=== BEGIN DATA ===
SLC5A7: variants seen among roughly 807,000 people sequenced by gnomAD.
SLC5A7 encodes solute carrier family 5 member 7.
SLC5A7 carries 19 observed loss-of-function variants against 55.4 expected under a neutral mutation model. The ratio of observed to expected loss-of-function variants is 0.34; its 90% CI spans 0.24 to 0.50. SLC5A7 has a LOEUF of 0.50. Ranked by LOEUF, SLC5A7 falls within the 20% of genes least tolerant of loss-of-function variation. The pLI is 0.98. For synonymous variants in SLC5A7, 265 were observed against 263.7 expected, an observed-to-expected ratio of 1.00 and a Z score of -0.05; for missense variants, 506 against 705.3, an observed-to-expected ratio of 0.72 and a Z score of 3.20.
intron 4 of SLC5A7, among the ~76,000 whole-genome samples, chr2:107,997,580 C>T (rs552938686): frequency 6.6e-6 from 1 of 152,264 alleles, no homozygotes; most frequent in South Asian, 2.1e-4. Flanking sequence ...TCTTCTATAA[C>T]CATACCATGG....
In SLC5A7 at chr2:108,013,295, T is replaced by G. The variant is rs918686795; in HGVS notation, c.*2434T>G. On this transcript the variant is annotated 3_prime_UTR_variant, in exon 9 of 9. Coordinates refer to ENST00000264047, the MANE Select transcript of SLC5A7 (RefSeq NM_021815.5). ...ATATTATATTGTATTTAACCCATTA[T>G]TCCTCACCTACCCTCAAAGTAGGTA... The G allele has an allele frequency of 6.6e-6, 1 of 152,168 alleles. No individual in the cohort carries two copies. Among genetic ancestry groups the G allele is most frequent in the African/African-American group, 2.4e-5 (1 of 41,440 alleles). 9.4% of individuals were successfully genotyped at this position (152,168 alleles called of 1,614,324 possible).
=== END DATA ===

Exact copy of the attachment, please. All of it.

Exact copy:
SLC5A7: variants seen among roughly 807,000 people sequenced by gnomAD.
SLC5A7 encodes solute carrier family 5 member 7.
SLC5A7 carries 19 observed loss-of-function variants against 55.4 expected under a neutral mutation model. The ratio of observed to expected loss-of-function variants is 0.34; its 90% CI spans 0.24 to 0.50. SLC5A7 has a LOEUF of 0.50. Ranked by LOEUF, SLC5A7 falls within the 20% of genes least tolerant of loss-of-function variation. The pLI is 0.98. For synonymous variants in SLC5A7, 265 were observed against 263.7 expected, an observed-to-expected ratio of 1.00 and a Z score of -0.05; for missense variants, 506 against 705.3, an observed-to-expected ratio of 0.72 and a Z score of 3.20.
intron 4 of SLC5A7, among the ~76,000 whole-genome samples, chr2:107,997,580 C>T (rs552938686): frequency 6.6e-6 from 1 of 152,264 alleles, no homozygotes; most frequent in South Asian, 2.1e-4. Flanking sequence ...TCTTCTATAA[C>T]CATACCATGG....
In SLC5A7 at chr2:108,013,295, T is replaced by G. The variant is rs918686795; in HGVS notation, c.*2434T>G. On this transcript the variant is annotated 3_prime_UTR_variant, in exon 9 of 9. Coordinates refer to ENST00000264047, the MANE Select transcript of SLC5A7 (RefSeq NM_021815.5). ...ATATTATATTGTATTTAACCCATTA[T>G]TCCTCACCTACCCTCAAAGTAGGTA... The G allele has an allele frequency of 6.6e-6, 1 of 152,168 alleles. No individual in the cohort carries two copies. Among genetic ancestry groups the G allele is most frequent in the African/African-American group, 2.4e-5 (1 of 41,440 alleles). 9.4% of individuals were successfully genotyped at this position (152,168 alleles called of 1,614,324 possible).